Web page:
Even the supporting cast of characters are a breath of fresh air – Alan, the bus driver, on his last tour before taking retirement; Liam, the young student helping out at the ‘hotel’ (take that description very loosely!) and who wants a career in hospitality; Carol, Evelyn’s sister, who Carol resents; and Sarah, the woman Evelyn finds when she’s looking for Margaret.

This is a stellar debut novel, one that will not only entertain, but will give you food for thought.


#TheSecondChanceHolidayClub #NetGalley

I: @kategalley1 @ariafiction

T: @KateGalley1 @AriaFiction

#ageing #contemporaryfiction #domesticdrama #friendship #sliceoflife #womensfiction

THE AUTHOR: Kate Galley is a debut author who lives in Buckinghamshire with her husband, children and Meg, their Patterdale Terrier. Much of Kate’s inspiration comes from the many varied lives of her clients as a mobile hairdresser, and the inspiration for this book came from one woman’s tale of a hilarious Christmas coach trip.

DISCLOSURE: Thank you to Head of Zeus, Aria, via Netgalley for providing a digital ARC of The Second Chance Holiday Club by Kate Galley for review. All opinions expressed in this review are entirely my own personal opinions.

For an explanation of my rating system please refer to my profile page or the about page on

This review is also published on Twitter, Amazon, Instagram and

Watching what I’m reading . . .

Happy holidays my bookish friends. I hope you all had a wonderful Christmas Day filled with love and laughter. Our Christmas Day was quiet, but fun. Then Boxing Day we had an open house and friends dropped by throughout the day. It was a fun day and good to catch up with people we hadn’t seen for a while.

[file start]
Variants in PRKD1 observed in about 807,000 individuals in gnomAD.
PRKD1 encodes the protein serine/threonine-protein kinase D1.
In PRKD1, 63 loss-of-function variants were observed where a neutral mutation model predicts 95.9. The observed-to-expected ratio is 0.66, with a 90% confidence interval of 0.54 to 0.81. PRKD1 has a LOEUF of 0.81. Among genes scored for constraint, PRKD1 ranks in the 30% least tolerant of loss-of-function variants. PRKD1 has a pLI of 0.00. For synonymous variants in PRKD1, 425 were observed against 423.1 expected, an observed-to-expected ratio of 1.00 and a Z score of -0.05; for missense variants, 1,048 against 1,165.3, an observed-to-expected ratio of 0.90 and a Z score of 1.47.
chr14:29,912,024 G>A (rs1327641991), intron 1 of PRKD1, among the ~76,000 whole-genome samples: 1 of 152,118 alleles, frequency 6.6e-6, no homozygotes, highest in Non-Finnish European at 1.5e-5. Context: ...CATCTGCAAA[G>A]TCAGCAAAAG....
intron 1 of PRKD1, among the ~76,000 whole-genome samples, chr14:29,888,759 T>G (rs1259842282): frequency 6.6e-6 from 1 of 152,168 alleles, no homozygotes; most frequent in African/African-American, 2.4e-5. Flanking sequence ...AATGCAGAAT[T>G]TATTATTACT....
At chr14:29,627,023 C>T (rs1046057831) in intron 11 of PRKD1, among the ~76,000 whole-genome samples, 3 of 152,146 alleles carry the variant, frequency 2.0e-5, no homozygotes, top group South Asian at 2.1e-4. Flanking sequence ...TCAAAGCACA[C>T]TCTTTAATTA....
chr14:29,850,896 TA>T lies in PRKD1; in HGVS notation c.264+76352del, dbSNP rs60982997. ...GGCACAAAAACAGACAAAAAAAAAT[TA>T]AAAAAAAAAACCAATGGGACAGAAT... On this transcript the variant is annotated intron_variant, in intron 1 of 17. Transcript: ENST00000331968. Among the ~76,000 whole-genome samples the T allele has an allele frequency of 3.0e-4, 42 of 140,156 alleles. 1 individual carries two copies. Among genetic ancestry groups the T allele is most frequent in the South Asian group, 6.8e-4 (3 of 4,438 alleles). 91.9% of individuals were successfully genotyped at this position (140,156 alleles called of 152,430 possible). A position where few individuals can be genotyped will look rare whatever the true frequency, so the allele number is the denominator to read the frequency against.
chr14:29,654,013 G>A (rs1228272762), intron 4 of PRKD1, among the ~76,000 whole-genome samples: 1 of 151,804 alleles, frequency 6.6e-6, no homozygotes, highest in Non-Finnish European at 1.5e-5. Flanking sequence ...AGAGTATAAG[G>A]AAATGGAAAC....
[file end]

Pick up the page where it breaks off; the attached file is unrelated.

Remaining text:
Currently I am reading The Girls by Bella Osborne which was published earlier this year. I am only a few pages in, so no comment as yet.

Four old friends. Thrown back together after fifty years apart. What could possibly go wrong?

In the 1970s, The Girls were best friends sharing a flat and good times: Zara the famous diva actor, Val the uptight solicitor, Jackie the wild child and Pauline the quirky introvert. Now they’re in their twilight years, and Zara suggests that they live with her to support each other through old age.

Initially, being housemates again is just as much fun as in their heyday. But then Zara reveals the real reason she asked them to move in with her, and suddenly things take a sinister turn.

As the women confront their demons they come under the spotlight of the press, the police and an angry parrot. With their lives spiralling out of control can they save their friendships and each other?

No One Saw it Coming by Susan Lewis, due to be published early January 2023. I h also only just started this.

Secrets lie at the heart of every family…

When the unthinkable happens…

Hanna’s world is crumbling.

An unimaginable crime has been committed, and everyone’s looking for someone to blame. Her loved ones are under suspicion.

Now Hanna must work out who is threatening her family – before it’s too late.

No one could have seen this coming…